WASHINGTON, D.C. — On Thursday, March 9, a federal judge issued an order in a lawsuit filed on behalf of Fair Fight and two voters alleging that True the Vote — an organization that has been accused of voter intimidation since 2012 — violated Section 11(b) of the Voting Rights Act, which prevents voter intimidation. The order focused on motions for summary judgment, which is when a party asks the judge to rule on a portion or all of a case without a full trial by arguing and presenting evidence that their side is right. In this case, both the plaintiffs and defendants filed cross motions for summary judgment asserting that the facts supported their arguments and that the judge should rule in their favor. However, today a federal judge ruled that the facts were disputed by the different sides and summary judgment could not be issued on all of the claims, mainly the Section 11(b) voter intimidation claims, so the case will proceed to trial.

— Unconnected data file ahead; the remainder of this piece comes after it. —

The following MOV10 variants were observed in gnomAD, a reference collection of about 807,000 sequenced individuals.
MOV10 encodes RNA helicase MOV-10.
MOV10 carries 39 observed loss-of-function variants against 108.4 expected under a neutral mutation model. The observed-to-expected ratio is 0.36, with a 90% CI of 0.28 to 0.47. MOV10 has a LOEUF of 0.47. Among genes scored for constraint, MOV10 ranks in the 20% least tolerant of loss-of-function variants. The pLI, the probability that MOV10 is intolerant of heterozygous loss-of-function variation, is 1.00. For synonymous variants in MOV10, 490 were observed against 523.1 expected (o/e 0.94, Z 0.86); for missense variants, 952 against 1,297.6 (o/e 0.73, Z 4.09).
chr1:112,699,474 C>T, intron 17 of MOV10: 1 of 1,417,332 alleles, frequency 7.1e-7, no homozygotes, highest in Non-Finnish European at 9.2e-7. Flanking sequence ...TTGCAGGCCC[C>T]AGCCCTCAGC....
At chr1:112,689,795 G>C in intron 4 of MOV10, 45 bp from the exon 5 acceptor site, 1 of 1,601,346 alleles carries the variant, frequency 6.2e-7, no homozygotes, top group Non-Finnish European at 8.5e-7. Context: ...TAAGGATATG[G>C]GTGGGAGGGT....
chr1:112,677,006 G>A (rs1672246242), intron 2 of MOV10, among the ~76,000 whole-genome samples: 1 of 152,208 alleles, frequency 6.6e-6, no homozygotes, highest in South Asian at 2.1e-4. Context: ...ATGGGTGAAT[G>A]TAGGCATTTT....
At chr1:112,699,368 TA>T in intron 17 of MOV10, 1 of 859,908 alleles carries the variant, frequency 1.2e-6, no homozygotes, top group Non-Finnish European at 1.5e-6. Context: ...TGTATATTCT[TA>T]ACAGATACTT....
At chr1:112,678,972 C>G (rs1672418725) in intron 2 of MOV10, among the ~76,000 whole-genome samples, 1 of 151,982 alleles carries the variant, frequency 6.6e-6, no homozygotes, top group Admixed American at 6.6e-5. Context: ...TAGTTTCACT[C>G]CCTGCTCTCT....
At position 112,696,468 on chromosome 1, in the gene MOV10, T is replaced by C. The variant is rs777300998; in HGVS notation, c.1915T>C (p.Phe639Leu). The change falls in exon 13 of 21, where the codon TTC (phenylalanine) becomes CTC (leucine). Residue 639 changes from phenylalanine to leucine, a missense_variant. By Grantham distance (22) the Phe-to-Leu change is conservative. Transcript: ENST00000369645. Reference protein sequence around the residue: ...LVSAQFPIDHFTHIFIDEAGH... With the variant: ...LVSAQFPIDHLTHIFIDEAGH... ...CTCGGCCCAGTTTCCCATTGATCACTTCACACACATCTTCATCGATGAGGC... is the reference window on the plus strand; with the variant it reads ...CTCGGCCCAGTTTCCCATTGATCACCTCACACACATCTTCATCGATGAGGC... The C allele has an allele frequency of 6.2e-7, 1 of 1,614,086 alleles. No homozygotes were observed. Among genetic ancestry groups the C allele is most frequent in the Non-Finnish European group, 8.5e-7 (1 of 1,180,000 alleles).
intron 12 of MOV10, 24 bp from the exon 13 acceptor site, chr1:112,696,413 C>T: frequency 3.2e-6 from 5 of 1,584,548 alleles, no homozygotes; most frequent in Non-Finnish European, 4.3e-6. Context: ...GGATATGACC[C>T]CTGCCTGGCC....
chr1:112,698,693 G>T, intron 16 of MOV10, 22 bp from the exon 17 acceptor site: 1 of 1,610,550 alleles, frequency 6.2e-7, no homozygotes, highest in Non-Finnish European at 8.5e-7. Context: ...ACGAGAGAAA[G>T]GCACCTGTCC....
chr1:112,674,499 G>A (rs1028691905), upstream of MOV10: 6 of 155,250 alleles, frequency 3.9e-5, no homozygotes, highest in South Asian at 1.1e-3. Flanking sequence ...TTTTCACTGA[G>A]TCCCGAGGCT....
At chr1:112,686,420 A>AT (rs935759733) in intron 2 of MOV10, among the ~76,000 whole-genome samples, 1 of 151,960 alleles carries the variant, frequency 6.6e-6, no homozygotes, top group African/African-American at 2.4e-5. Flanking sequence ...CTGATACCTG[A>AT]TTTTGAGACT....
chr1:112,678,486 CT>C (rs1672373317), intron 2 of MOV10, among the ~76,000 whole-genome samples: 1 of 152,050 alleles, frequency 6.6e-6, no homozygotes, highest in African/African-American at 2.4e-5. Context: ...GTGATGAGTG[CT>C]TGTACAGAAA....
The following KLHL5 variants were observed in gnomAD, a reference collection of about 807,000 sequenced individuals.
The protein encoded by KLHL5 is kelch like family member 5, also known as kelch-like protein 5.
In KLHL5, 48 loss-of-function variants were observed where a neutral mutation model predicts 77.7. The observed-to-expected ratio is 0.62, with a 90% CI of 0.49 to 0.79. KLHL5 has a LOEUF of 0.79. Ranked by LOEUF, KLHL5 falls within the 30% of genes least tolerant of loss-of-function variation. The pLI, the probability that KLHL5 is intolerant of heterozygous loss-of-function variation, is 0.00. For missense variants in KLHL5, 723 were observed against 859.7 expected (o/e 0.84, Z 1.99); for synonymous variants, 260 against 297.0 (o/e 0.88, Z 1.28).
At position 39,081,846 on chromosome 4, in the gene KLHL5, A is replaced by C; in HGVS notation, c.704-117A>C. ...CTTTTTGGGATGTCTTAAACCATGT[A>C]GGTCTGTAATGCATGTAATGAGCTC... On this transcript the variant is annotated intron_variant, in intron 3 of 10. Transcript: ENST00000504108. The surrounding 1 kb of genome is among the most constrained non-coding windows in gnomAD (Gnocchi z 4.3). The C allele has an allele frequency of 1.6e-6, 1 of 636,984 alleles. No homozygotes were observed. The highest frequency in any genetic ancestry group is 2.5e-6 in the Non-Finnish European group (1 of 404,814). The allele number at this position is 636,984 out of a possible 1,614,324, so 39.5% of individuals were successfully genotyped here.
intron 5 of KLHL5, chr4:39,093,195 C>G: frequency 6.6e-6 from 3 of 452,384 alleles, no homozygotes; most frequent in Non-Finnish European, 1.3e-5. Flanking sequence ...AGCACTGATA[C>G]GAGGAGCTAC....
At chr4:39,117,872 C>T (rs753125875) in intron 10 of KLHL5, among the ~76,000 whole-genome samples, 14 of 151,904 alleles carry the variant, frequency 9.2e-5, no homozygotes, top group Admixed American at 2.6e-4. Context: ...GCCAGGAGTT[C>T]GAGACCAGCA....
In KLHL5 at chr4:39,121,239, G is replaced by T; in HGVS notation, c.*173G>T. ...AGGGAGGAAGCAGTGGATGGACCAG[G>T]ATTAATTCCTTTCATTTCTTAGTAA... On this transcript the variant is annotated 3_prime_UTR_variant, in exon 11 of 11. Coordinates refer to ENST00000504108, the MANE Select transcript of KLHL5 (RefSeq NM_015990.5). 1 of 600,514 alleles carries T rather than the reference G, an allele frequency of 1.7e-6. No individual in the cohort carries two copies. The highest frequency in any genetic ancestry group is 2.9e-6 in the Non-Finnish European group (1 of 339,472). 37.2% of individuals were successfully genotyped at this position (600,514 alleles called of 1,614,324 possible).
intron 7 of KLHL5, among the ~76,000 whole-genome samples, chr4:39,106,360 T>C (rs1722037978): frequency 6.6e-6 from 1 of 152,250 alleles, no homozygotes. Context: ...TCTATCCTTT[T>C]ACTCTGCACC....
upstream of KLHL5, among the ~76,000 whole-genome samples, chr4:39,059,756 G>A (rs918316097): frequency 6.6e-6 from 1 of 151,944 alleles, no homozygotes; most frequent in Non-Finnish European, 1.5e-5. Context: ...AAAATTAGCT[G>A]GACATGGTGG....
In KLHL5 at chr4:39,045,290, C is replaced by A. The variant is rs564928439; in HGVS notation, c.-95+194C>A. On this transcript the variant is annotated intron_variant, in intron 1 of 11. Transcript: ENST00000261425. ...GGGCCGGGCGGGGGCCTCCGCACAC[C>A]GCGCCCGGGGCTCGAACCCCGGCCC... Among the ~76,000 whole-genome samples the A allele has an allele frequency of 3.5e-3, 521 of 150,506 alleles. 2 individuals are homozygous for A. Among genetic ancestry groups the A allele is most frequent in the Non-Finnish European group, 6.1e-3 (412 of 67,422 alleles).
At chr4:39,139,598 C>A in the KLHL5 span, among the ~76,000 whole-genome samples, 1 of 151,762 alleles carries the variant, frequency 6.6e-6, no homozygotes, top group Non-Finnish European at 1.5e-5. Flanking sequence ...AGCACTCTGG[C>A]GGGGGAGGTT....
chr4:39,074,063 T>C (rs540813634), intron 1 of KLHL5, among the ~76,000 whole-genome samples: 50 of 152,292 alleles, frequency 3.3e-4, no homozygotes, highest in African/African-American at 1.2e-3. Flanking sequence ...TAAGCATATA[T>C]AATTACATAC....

The plaintiffs in the case assert that True the Vote “launched a massive, multifaceted campaign of voter intimidation” before the 2021 U.S. Senate runoff elections in Georgia. The plaintiffs allege that the defendants violated Section 11(b), encouraged election officials to violate state and federal law and conducted frivolous voter challenges. The plaintiffs also contend that True the Vote intimidated voters and “offered a $1 million ‘bounty’ for reports of voter fraud[;] recruited Navy SEALS to confront voters and poll workers and, with the help of individual Defendants and state Republican Party officials, launched the largest mass challenge effort in Georgia history, targeting hundreds of thousands of voters just two weeks before the January 2021 runoff election.” In response, the defendants argue that Section 11(b) requires “a direct connection between the person claiming to be intimidated and the alleged perpetrator,” which they argue doesn’t exist in the case. They also contend that applying Section 11(b) to their voter challenges would prohibit them from protecting their vote from vote dilution; today, a judge rejected this claim. As for the remaining claims raised in the cross motions for summary judgment, the judge concluded that “[u]ltimately, these factual disputes are material to most of the claims and defenses at issue, and accordingly, summary judgment is not appropriate.” For example, the judge noted that he was presented “with two drastically different accounts of True the Vote’s process of making the challenged voter lists.” This means that the case will continue and the claims will be the subject of a trial.